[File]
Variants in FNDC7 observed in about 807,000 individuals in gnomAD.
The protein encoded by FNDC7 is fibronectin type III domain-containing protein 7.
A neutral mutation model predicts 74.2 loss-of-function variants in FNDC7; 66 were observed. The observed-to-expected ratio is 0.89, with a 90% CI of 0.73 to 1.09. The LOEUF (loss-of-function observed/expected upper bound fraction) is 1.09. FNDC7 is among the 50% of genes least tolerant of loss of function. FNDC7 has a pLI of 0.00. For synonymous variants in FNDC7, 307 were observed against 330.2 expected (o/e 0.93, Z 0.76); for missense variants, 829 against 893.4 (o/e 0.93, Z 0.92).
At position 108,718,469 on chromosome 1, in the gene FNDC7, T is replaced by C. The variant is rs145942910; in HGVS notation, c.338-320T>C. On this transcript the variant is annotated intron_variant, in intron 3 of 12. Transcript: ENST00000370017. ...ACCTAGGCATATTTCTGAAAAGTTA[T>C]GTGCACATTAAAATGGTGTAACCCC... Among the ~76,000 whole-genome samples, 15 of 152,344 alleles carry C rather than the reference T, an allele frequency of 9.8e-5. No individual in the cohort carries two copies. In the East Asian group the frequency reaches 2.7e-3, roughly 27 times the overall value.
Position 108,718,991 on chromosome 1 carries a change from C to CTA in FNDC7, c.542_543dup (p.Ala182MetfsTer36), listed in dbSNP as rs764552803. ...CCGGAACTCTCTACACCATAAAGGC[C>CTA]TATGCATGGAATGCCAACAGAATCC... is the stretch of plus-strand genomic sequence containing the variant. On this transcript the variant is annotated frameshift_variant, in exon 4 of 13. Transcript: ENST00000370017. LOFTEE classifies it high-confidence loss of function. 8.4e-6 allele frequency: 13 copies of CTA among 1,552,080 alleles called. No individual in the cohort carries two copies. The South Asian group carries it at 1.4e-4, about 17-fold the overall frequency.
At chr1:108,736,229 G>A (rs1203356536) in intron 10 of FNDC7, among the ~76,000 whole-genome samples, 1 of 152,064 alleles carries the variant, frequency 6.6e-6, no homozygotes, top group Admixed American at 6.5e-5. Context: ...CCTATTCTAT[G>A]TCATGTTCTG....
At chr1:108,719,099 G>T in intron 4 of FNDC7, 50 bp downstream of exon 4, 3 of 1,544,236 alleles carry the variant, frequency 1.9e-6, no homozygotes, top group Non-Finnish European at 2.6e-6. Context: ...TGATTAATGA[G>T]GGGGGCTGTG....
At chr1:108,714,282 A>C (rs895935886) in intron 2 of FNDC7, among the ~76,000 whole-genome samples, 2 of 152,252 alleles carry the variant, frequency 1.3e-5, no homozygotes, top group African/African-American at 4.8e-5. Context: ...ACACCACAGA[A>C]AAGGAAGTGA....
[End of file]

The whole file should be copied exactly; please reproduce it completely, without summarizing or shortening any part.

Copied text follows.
Variants in FNDC7 observed in about 807,000 individuals in gnomAD.
The protein encoded by FNDC7 is fibronectin type III domain-containing protein 7.
A neutral mutation model predicts 74.2 loss-of-function variants in FNDC7; 66 were observed. The observed-to-expected ratio is 0.89, with a 90% CI of 0.73 to 1.09. The LOEUF (loss-of-function observed/expected upper bound fraction) is 1.09. FNDC7 is among the 50% of genes least tolerant of loss of function. FNDC7 has a pLI of 0.00. For synonymous variants in FNDC7, 307 were observed against 330.2 expected (o/e 0.93, Z 0.76); for missense variants, 829 against 893.4 (o/e 0.93, Z 0.92).
At position 108,718,469 on chromosome 1, in the gene FNDC7, T is replaced by C. The variant is rs145942910; in HGVS notation, c.338-320T>C. On this transcript the variant is annotated intron_variant, in intron 3 of 12. Transcript: ENST00000370017. ...ACCTAGGCATATTTCTGAAAAGTTA[T>C]GTGCACATTAAAATGGTGTAACCCC... Among the ~76,000 whole-genome samples, 15 of 152,344 alleles carry C rather than the reference T, an allele frequency of 9.8e-5. No individual in the cohort carries two copies. In the East Asian group the frequency reaches 2.7e-3, roughly 27 times the overall value.
Position 108,718,991 on chromosome 1 carries a change from C to CTA in FNDC7, c.542_543dup (p.Ala182MetfsTer36), listed in dbSNP as rs764552803. ...CCGGAACTCTCTACACCATAAAGGC[C>CTA]TATGCATGGAATGCCAACAGAATCC... is the stretch of plus-strand genomic sequence containing the variant. On this transcript the variant is annotated frameshift_variant, in exon 4 of 13. Transcript: ENST00000370017. LOFTEE classifies it high-confidence loss of function. 8.4e-6 allele frequency: 13 copies of CTA among 1,552,080 alleles called. No individual in the cohort carries two copies. The South Asian group carries it at 1.4e-4, about 17-fold the overall frequency.
At chr1:108,736,229 G>A (rs1203356536) in intron 10 of FNDC7, among the ~76,000 whole-genome samples, 1 of 152,064 alleles carries the variant, frequency 6.6e-6, no homozygotes, top group Admixed American at 6.5e-5. Context: ...CCTATTCTAT[G>A]TCATGTTCTG....
At chr1:108,719,099 G>T in intron 4 of FNDC7, 50 bp downstream of exon 4, 3 of 1,544,236 alleles carry the variant, frequency 1.9e-6, no homozygotes, top group Non-Finnish European at 2.6e-6. Context: ...TGATTAATGA[G>T]GGGGGCTGTG....
At chr1:108,714,282 A>C (rs895935886) in intron 2 of FNDC7, among the ~76,000 whole-genome samples, 2 of 152,252 alleles carry the variant, frequency 1.3e-5, no homozygotes, top group African/African-American at 4.8e-5. Context: ...ACACCACAGA[A>C]AAGGAAGTGA....